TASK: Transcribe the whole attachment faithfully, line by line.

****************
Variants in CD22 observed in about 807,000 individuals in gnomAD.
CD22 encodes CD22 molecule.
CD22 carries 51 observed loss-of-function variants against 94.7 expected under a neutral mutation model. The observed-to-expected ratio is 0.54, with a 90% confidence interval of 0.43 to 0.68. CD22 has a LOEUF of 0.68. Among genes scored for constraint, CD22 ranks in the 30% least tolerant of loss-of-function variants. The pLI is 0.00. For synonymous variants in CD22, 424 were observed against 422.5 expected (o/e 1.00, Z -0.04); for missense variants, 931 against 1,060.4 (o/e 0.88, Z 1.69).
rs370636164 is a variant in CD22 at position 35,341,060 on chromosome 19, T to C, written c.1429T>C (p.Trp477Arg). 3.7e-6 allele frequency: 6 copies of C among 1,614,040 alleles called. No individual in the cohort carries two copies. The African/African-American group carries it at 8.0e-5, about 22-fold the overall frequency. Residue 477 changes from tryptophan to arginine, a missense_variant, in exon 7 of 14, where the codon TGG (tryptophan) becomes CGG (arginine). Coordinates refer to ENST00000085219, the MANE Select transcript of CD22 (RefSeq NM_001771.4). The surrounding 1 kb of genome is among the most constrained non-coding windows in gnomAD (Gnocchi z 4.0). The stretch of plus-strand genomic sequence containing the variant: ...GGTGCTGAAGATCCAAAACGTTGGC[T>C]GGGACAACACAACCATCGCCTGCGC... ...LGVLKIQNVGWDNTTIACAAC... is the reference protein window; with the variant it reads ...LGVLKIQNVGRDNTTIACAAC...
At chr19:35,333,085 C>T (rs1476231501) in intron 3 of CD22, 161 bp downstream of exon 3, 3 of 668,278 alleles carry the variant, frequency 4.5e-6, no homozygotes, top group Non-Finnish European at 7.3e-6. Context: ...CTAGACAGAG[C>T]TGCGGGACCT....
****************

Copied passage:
Variants in CD22 observed in about 807,000 individuals in gnomAD.
CD22 encodes CD22 molecule.
CD22 carries 51 observed loss-of-function variants against 94.7 expected under a neutral mutation model. The observed-to-expected ratio is 0.54, with a 90% confidence interval of 0.43 to 0.68. CD22 has a LOEUF of 0.68. Among genes scored for constraint, CD22 ranks in the 30% least tolerant of loss-of-function variants. The pLI is 0.00. For synonymous variants in CD22, 424 were observed against 422.5 expected (o/e 1.00, Z -0.04); for missense variants, 931 against 1,060.4 (o/e 0.88, Z 1.69).
rs370636164 is a variant in CD22 at position 35,341,060 on chromosome 19, T to C, written c.1429T>C (p.Trp477Arg). 3.7e-6 allele frequency: 6 copies of C among 1,614,040 alleles called. No individual in the cohort carries two copies. The African/African-American group carries it at 8.0e-5, about 22-fold the overall frequency. Residue 477 changes from tryptophan to arginine, a missense_variant, in exon 7 of 14, where the codon TGG (tryptophan) becomes CGG (arginine). Coordinates refer to ENST00000085219, the MANE Select transcript of CD22 (RefSeq NM_001771.4). The surrounding 1 kb of genome is among the most constrained non-coding windows in gnomAD (Gnocchi z 4.0). The stretch of plus-strand genomic sequence containing the variant: ...GGTGCTGAAGATCCAAAACGTTGGC[T>C]GGGACAACACAACCATCGCCTGCGC... ...LGVLKIQNVGWDNTTIACAAC... is the reference protein window; with the variant it reads ...LGVLKIQNVGRDNTTIACAAC...
At chr19:35,333,085 C>T (rs1476231501) in intron 3 of CD22, 161 bp downstream of exon 3, 3 of 668,278 alleles carry the variant, frequency 4.5e-6, no homozygotes, top group Non-Finnish European at 7.3e-6. Context: ...CTAGACAGAG[C>T]TGCGGGACCT....